Progression-free survival as surrogate and as true end point: insights from the breast and colorectal cancer literature

E D Saad, A Katz, P M Hoff, M Buyse
Annals of Oncology: Official Journal of the European Society for Medical Oncology 2010, 21 (1): 7-12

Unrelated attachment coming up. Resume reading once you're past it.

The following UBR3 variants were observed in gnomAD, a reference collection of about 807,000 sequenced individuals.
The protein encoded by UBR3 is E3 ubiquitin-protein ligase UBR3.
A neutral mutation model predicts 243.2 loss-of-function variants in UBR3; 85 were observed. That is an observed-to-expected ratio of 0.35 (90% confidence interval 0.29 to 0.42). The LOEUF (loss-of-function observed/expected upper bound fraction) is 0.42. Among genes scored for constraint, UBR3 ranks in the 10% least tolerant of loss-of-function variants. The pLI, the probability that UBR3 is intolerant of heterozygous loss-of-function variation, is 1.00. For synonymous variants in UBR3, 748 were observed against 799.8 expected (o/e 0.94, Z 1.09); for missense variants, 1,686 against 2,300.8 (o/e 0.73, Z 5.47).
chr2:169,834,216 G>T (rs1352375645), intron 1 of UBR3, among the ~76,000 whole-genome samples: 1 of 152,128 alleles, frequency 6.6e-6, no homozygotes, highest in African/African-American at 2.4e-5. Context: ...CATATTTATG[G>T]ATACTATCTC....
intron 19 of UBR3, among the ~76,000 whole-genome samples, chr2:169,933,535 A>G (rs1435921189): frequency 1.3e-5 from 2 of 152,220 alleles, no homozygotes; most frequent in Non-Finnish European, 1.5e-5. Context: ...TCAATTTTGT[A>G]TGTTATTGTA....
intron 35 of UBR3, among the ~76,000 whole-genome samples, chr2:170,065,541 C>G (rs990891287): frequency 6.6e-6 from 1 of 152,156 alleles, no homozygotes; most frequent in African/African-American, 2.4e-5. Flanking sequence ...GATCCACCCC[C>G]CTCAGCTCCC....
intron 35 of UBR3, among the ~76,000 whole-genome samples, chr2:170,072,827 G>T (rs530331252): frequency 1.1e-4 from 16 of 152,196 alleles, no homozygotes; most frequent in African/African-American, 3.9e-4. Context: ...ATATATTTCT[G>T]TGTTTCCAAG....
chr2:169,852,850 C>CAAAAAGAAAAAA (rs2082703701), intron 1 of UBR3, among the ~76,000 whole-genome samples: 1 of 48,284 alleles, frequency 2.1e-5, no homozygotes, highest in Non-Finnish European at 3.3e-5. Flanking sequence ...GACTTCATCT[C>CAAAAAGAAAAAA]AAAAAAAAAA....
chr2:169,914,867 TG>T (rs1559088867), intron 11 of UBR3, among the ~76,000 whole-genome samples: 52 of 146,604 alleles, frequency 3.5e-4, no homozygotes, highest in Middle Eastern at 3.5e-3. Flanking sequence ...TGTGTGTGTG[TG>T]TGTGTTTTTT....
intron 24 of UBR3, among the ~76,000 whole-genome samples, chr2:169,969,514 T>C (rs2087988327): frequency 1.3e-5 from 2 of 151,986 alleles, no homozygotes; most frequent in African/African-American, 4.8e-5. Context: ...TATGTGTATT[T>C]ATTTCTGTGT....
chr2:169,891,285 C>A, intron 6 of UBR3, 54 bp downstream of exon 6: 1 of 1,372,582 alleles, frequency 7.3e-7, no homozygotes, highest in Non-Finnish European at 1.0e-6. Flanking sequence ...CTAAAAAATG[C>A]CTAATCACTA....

Significant achievements in the systemic treatment of both advanced breast cancer and advanced colorectal cancer over the past 10 years have led to a growing number of drugs, combinations, and sequences to be tested. The choice of surrogate and true end points has become a critical issue and one that is currently the subject of much debate. Many recent randomized trials in solid tumor oncology have used progression-free survival (PFS) as the primary end point. PFS is an attractive end point because it is available earlier than overall survival (OS) and is not influenced by second-line treatments. PFS is now undergoing validation as a surrogate end point in various disease settings. The question of whether PFS can be considered an acceptable surrogate end point depends not only on formal validation studies but also on a standardized definition and unbiased ascertainment of disease progression in clinical trials. In advanced breast cancer, formal validation of PFS as a surrogate for OS has so far been unsuccessful. In advanced colorectal cancer, in contrast, current evidence indicates that PFS is a valid surrogate for OS after first-line treatment with chemotherapy. The other question is whether PFS sufficiently reflects clinical benefit to be considered a true end point in and of itself.

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